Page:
'Filipino president ‘Duterte Harry’ won't take orders from former colonial powers’

Philippine President Rodrigo Duterte speaks during a news conference in Davao city, southern Philippines August 21, 2016. © Lean Daval Jr
Duterte is concerned about the prospect that Washington, the former colonial power in the Philippines, might want to manipulate his country against China, Gerald Horne, historian, told RT. Brian Becker of the AntiWar coalition also joins the conversation.

The Philippines' President Rodrigo Duterte delivered foul-mouthed rants about global bodies and other senior world officials. Moreover, he threatened to leave the UN after the organization labeled his war on drugs 'criminal'. He also lashed out at America. 

RT: What do you make of the provocative statements made by Philippine President Rodrigo Duterte?

Gerald Horne: Well first of all, that is his style. You may know that the recently elected president of the Philippines, Rodrigo Duterte, is referred to in a colloquial sense as ‘Duterte Harry’, in reference to a popular Hollywood cinema character, Dirty Harry, who oftentimes violated the rights of particular suspects. Mr. Duterte is also concerned about the prospect that Washington, the former colonial power in the Philippines, might want to manipulate the Philippines against China in light of a recent decision by the Permanent Court of Arbitration in The Hague that basically awarded certain rights to offshore islands to the Philippines. This helps to shed light on Mr. Duterte’s rather colorful language.

RT: Do you expect Washington to react in any way?

Gerald Horne: Not on the official level, not on the public level. As noted, Washington has very important military bases in the Philippines. Washington sees the Philippines as a kind of beachhead in the 21 century against China. Therefore, it wants to maintain very positive relations at least on the public and official level.

RT: The Philippines have a questionable human rights record, but the US says little about it. Is what you’ve just said the reason why they keep mum on such topics?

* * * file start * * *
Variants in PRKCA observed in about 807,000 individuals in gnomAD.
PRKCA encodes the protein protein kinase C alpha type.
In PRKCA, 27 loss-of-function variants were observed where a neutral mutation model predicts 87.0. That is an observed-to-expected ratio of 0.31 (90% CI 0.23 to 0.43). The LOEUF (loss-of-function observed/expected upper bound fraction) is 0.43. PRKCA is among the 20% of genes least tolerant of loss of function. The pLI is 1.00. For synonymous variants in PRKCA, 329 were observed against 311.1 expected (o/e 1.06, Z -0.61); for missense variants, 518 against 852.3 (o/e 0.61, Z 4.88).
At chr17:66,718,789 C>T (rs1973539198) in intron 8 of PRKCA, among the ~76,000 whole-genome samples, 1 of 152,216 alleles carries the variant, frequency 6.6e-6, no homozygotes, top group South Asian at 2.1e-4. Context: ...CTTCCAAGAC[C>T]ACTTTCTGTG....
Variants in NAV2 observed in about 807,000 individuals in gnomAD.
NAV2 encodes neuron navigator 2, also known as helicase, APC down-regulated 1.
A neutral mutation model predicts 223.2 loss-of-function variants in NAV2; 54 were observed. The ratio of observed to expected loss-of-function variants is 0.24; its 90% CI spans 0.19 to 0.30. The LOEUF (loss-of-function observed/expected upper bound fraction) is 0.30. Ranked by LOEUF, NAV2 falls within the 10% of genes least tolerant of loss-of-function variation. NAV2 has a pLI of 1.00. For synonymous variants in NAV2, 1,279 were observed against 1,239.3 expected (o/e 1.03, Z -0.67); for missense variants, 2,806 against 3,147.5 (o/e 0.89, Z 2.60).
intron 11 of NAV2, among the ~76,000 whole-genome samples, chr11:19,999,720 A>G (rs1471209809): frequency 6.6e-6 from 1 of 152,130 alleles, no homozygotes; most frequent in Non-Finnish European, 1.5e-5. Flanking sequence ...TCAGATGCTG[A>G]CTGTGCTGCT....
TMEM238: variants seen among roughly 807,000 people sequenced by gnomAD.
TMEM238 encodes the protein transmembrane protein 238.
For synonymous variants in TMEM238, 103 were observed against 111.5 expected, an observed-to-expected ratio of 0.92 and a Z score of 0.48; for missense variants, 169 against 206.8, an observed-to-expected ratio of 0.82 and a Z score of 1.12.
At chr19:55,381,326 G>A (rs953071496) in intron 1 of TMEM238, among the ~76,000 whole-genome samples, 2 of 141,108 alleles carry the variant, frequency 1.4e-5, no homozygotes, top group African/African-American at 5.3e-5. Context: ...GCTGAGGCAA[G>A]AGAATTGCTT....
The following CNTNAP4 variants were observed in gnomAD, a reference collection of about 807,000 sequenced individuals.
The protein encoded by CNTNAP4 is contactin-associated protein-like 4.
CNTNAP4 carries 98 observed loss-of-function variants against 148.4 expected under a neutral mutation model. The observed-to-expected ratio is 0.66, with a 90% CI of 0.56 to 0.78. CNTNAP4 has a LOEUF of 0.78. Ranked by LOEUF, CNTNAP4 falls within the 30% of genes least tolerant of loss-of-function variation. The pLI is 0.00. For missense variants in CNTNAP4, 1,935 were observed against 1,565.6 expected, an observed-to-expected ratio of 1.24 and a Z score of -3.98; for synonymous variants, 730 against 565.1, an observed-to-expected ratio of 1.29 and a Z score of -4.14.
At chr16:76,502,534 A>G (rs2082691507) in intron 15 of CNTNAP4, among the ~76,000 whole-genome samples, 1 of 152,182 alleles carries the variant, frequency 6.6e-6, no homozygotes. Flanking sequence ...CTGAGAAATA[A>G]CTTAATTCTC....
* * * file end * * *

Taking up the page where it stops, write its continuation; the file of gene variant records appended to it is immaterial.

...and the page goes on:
GH: Absolutely. That is the reason. Recall that just a few days ago President Duterte, in a gross violation of due process and human rights, released a non-vetted document accusing many high-level Filipino officials of drug dealing. This was a clear violation of these alleged suspects’ rights. You did not necessarily hear an outcry from Washington because of the Philippines’ strategic role in the US calculations.

Duterte not cookie-cutter president for US

Brian Becker, anti-war ‘Answer coalition’ said that Obama administration doesn't know what to make of Duterte as he is not fitting in American mold. 

RT: Why do you think the Philippine president used such strong and offensive language when referring to an apparently close ally?

Brian Becker: It is not so much an alliance. The United States was the colonial power over the Philippines. A million Filipinos were killed when the US invaded in 1899, 1900, 1901, 1902 – a million people! And then the Philippines was formally a colony. It achieved formal independence after 1946 after a civil war led by nationalist and communist guerillas. But since that time, US military bases until 1992, when they were evicted, were the dominant part of the Philippines’ texture. Now, when you look at Duterte’s comments, those are the comments of somebody who is demanding that colonial powers like those who are dominating the UN no longer tell the Philippines what to do.

The bigger story right now is that in Oslo, Norway, Duterte is holding military peace talks with The New People's Army [NPA], the National Democratic Front, possibly ending the five-decade long civil war with the communist guerillas - the guerillas who have been labeled by the US as a terrorist entity. Duterte is breaking free from the dictates of the US. We see this in a number of policies.

RT: Do you expect Washington to react in any way?

BB: The US is playing it down right now, because the Obama administration doesn’t know really what to make of Duterte. He is not fitting in the mold; he is not a cookie-cutter president; he is something of a loose cannon; he’s a maverick. In his denunciations of the UN, he’s also really denouncing the US policies in the Middle East. He is angry about foreign colonial powers telling him what to do. That doesn’t mean we should justify vigilante killings in the so-called drug war – they are mainly killing poor people and people at the lower level of the drug trade. But Duterte is angry because he doesn’t want to be dictated to any longer by colonial powers.

The statements, views and opinions expressed in this column are solely those of the author and do not necessarily represent those of RT.